“Drawings explore both my own personal histories related to remembered places and broader histories recorded through archival, ethnographic, and visual research of city spaces…The scale of [my] drawings allow the viewer to feel immersed in each piece, surrounded by swirling and morphing cityscapes, memory objects, and natural elements. They ask the viewer to consider the many layers of context not immediately visible in our urban world, and give a new language for understanding the ever-changing nature of memory.” – Alyssa Lizzini

Akron Soul Train Artist-in-Residence Melih Meric’s uses traditional Middle Eastern patterns to explore identity.

From the gallery-

Meric uses a traditional approach to their imagery through sacred geometry and explorations of Islamic geometric abstraction. Challenging traditional presentations of print editions, Meric’s print work crosses the borders of the paper. It highlights an expansion of patterns like Middle Eastern tiles. It also speaks to queerness without being explicitly queer. Stitched Editions: Exploring the New poses integral questions surrounding erasure and identity in Middle Eastern communities. Meric’s craft lies in creating wall-hanging objects that play between the realms of dimensionality while still being unmistakably paper. Their work acknowledges and is proud of its dimension, speaking certain truths to multiple minority groups.

“My work deals with making peace with a part of my culture that drove me to leave it. Finding beauty in design and simplicity, then creating systems to complicate those principles. I fell in love with printmaking and the idea of multiplicity when I first made the connection to tiles from the Middle East. It suddenly became a tool to create and expand patterns that challenge traditions in crafts.” – Melih Meric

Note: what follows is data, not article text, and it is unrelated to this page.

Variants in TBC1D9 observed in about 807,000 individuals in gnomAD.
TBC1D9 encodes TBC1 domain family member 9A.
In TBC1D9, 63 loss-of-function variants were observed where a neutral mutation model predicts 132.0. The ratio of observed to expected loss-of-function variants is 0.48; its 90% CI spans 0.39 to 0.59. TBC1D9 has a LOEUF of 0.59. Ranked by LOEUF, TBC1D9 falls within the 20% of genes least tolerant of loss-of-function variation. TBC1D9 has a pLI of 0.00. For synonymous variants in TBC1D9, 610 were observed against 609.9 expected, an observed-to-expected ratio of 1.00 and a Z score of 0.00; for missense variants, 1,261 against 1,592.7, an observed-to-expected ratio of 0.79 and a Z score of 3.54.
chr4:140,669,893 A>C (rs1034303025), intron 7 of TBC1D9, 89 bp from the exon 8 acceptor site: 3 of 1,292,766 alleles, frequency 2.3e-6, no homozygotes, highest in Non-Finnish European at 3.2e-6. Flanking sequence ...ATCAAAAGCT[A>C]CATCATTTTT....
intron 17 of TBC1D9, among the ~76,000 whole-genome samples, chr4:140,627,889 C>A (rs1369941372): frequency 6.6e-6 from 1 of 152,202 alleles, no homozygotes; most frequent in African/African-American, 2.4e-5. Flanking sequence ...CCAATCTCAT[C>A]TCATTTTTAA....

Melih Meric, “I Think I Remember Something, Nevermind”, “Stitched Edition” of 12 linoleum prints

Melih Meric, “Carnation”, “Stitched Edition” of 36 woodblock prints

Melih Meric, “Carnation”, “Stitched Edition” of 36 woodblock prints (detail)

Melih Meric, “Swept Under”, “Stitched Edition” of 8 silkscreen prints

Both of these exhibitions close 5/11/24.

Apr 192024
 

Meryl Engler, “Lying in Red”, 2023, Woodcut

Work by Michael Loderstedt (left), Eva Pozler (center) and Lori Kella (right)

Work by Lori Kella, Maria Uhase, and Meryl Engler (right two pieces)

Lori Kella, “Mudslide and Forsythia”, 2022, Inkjet print (left) and Corrie Slawson, “Amalgam 4”, 2022 (top) and “Amalgam 3”, 2022 (bottom), Oil and screenprint on plywood

Today (4/19/24) is the last day to see Life Out of Balance at the Emily Davis Gallery at The University of Akron. The group show show includes work by Maria Uhase, Meryl Engler, Lori Kella, Benjamin Lambert, Michael Loderstedt, Eve Polzer, Ron Shelton, Ariel Bowman, and Corrie Slawson.

From the gallery-

When a tree falls in a forest, we may see it as the death of the tree. It stops photosynthesizing, growing, feeding its mycorrhizal symbionts, flowering, developing fruit, dispersing seeds, taking in carbon dioxide, and producing oxygen. But in the ecosystem, it begins a whole new life in decay. It feeds the soil and microbes through the decomposition of its tissues; it provides a place for fungi, mosses, and lichens to grow; and it becomes a protected habitat for a myriad of insects, mammals, and birds. This same tree, therefore, can be both dying and living at the same time, depending on perspective. It can be dead if considered separate from its surroundings, or it can be alive in its continued relationship within its ecosystem.